Wednesday, December 7, 2016

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cut Mike Wallace
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No, it wasn’t Schefter or Mortensen, or Vensel or Goessling, or even anyone with an actual human name. But earlier today, someone tweeted that the Vikings are expected to cut Mike Wallace.

As you can see, the twitter account goes by the moniker “NFL Update,” and does have more than 33,000 followers, for whatever that’s worth. Other than that, we here at VT know very little about this account or who runs it. Yesterday, it tweeted the Giants were expected to release LB Jon Beason, and today Beason announced his retirement, so…sort of accurate?

It needs to be stressed this is nothing more than a rumor and, perhaps, just one person’s opinion at this point. There has been plenty of speculation regarding the status of Wallace and his $11.5 million contract in 2016, but thus far no credible sources have reported anything. The Star Tribune’s Matt Vensel did say he doesn’t expected Wallace to be back next season in a column last month, but that was just one part of a larger piece making educated guesses on how next year’s roster would look.

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How have teams fared after moving into a new stadium?

US Bank Stadium opens in 2016
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The opening of U.S. Bank Stadium in 2016 provides a sense of optimism for the Minnesota Vikings. Standing nearly 30 stories tall and covering more than 1.75 million square feet, it represents a bright future for Mike Zimmer’s team; it’s a home that finally matches the Vikings’ recent progress on the field.

Designed as the epicenter of downtown east Minneapolis, it’s a fitting stadium for the Vikings and a welcome attraction for local Minnesotans. With a Super Bowl coming to Minnesota in 2018, U.S. Bank Stadium may become the first venue to host its own team in the big game in NFL history.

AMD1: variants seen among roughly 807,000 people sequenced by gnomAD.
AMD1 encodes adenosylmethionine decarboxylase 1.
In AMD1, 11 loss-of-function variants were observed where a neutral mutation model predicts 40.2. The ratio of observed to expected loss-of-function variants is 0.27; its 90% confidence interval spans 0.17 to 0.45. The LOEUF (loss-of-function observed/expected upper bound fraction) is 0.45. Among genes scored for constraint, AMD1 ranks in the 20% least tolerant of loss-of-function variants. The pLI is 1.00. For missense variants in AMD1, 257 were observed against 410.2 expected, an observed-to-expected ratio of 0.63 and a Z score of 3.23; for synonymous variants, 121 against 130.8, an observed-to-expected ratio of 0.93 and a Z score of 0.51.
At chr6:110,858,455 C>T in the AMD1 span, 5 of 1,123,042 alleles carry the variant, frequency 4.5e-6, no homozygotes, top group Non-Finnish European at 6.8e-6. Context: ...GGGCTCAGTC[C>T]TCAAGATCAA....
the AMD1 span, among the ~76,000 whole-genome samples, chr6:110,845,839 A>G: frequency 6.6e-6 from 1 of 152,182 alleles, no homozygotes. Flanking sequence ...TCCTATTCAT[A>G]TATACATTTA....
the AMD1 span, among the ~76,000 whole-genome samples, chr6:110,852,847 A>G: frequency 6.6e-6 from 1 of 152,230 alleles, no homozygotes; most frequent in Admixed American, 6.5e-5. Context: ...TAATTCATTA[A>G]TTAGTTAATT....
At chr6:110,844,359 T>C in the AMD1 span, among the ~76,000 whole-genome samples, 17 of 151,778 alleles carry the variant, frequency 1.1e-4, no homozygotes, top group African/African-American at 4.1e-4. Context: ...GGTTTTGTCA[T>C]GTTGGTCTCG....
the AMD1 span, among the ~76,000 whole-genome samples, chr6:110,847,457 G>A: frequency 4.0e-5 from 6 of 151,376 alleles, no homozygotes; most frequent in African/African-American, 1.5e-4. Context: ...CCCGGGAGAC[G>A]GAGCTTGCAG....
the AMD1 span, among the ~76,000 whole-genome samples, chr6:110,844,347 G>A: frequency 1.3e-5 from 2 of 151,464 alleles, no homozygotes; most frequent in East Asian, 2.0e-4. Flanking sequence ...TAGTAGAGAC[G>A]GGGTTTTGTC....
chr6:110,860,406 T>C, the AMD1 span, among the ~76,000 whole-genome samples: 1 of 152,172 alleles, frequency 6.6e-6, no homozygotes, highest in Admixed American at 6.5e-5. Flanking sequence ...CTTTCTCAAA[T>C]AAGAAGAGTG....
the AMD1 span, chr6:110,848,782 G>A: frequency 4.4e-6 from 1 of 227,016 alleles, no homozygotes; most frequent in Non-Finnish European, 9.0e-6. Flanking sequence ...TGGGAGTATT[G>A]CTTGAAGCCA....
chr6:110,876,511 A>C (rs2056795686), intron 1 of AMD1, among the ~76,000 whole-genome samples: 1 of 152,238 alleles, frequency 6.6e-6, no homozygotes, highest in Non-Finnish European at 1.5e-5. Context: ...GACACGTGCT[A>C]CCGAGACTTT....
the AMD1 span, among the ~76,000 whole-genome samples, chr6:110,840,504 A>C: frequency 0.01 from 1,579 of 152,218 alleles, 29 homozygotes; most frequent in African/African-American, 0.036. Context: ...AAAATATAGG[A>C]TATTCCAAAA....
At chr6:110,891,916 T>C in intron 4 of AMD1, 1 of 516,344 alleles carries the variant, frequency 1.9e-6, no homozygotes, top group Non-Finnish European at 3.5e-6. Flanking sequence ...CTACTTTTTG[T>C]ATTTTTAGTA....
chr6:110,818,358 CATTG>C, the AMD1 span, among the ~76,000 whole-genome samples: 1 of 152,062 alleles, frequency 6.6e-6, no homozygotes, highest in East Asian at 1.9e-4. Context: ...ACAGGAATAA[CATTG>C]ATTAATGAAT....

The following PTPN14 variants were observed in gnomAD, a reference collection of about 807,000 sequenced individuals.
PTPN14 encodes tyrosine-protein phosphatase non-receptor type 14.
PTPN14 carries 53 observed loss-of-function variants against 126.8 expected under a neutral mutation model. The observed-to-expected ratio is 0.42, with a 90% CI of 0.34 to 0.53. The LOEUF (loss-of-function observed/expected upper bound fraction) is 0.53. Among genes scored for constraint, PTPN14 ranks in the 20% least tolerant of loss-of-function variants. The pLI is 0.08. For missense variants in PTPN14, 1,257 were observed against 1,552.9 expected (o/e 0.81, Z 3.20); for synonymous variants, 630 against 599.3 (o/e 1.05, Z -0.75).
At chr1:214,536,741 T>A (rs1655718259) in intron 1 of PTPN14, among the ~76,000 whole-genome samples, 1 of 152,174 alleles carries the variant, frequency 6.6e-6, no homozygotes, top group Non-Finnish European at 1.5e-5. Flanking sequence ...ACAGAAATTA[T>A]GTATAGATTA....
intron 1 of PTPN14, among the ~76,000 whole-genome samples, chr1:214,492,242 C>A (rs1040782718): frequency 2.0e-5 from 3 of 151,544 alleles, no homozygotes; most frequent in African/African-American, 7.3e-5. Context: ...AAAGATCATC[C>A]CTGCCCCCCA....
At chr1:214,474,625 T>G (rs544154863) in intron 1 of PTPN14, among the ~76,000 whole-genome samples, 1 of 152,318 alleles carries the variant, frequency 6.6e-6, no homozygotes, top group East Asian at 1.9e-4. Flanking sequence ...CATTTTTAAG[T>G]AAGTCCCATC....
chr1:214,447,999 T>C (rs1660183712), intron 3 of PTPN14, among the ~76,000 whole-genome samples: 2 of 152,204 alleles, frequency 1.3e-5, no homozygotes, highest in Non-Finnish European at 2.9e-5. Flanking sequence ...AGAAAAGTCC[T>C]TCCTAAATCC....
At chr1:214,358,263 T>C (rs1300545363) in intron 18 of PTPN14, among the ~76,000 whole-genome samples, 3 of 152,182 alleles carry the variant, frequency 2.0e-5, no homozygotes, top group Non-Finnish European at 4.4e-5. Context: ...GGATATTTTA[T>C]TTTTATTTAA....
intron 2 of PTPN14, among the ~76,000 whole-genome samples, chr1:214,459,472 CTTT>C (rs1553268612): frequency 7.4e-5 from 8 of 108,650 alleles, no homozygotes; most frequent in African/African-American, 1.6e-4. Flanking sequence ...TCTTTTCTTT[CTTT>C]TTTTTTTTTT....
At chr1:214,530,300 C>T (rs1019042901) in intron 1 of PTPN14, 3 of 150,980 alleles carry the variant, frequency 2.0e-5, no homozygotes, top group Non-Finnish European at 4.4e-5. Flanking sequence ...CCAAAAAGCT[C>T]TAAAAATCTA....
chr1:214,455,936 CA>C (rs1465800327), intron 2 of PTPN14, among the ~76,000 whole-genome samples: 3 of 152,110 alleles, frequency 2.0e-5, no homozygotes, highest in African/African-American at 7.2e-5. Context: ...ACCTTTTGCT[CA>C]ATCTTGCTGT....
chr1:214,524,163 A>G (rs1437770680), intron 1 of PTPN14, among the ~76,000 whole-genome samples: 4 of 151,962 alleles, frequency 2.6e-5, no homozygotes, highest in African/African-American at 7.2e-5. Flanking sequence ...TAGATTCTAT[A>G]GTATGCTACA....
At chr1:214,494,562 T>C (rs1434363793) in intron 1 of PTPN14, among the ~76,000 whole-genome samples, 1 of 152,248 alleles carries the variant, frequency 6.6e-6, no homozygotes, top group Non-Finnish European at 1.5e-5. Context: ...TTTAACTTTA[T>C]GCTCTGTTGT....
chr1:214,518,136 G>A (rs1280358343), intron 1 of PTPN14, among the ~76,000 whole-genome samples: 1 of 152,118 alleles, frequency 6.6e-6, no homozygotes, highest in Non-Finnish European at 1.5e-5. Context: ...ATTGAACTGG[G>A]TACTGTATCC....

Looking back, 13 franchises have opened new stadiums since 2000, and each has done so with similar aspirations of success and revitalization. Under Zimmer, the Vikings have gone 18-14, all while playing outdoors at TCF Bank Stadium. Does history suggest their winning ways will continue, or does a move spell disaster for a team on the rise?

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keeping mike wallace
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Any way you look at it, Mike Wallace’s first season with the Vikings was a disappointment. He was acquired last offseason to be a deep threat for Teddy Bridgewater and, presumably, resemble a number one receiver. Neither really came to fruition; Wallace posted career lows in receiving yards, yards per catch, and touchdowns, and his longest reception was 34 yards. While he did find a workmanlike niche in the offense, there wasn’t a single game in which Wallace made a major splash. In all, it wasn’t the game-changing presence the Vikings had hoped for.

Wallace is signed through 2017, and owed $11.5 million each of the next two years. That would make him the fourth-highest paid receiver in the league for 2017—not exactly a slot that matches his production. For that reason, many Vikings fans are in favor of cutting bait and using the money elsewhere. However, there are plenty of reasons it makes sense to bring the speedy receiver back for 2016. Here are a few:

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Deiondre’ Hall split time between corner and safety collecting 82 tackles, 5.5 for loss, and three forced fumbles in 2015 for the Northern Iowa Panthers. He led the league with six interceptions as a senior, returning two for touchdowns giving him 13 career interceptions and a school-record four “pick sixes”.

Deiondre’ Hall | CB/S, Northern Iowa


Height: 6-1 5/8
Weight: 192

At A Glance

2015 Missouri Valley Defensive Player of the Year. FCS All-American. Multiple MVFC Defensive Player of the Week honors.

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Even in the aftermath of NFL football putting on the most popular one-night event of the year, we continue to get our daily reminders that football endangers the men that play it, coming in the form of revelations about the men that used to play it.

Last week, an autopsy confirmed that former Vikings linebacker Fred McNeill was living with chronic traumatic encephalopathy (CTE) before he died of Lou Gehrig’s Disease at 63 years of age last year. In an all-too-common tale from players of that generation, it has been made public that McNeill suffered from dementia in his later years.

Now, it is a living Vikings great that is making headlines for health concerns possibly stemming from his playing days.

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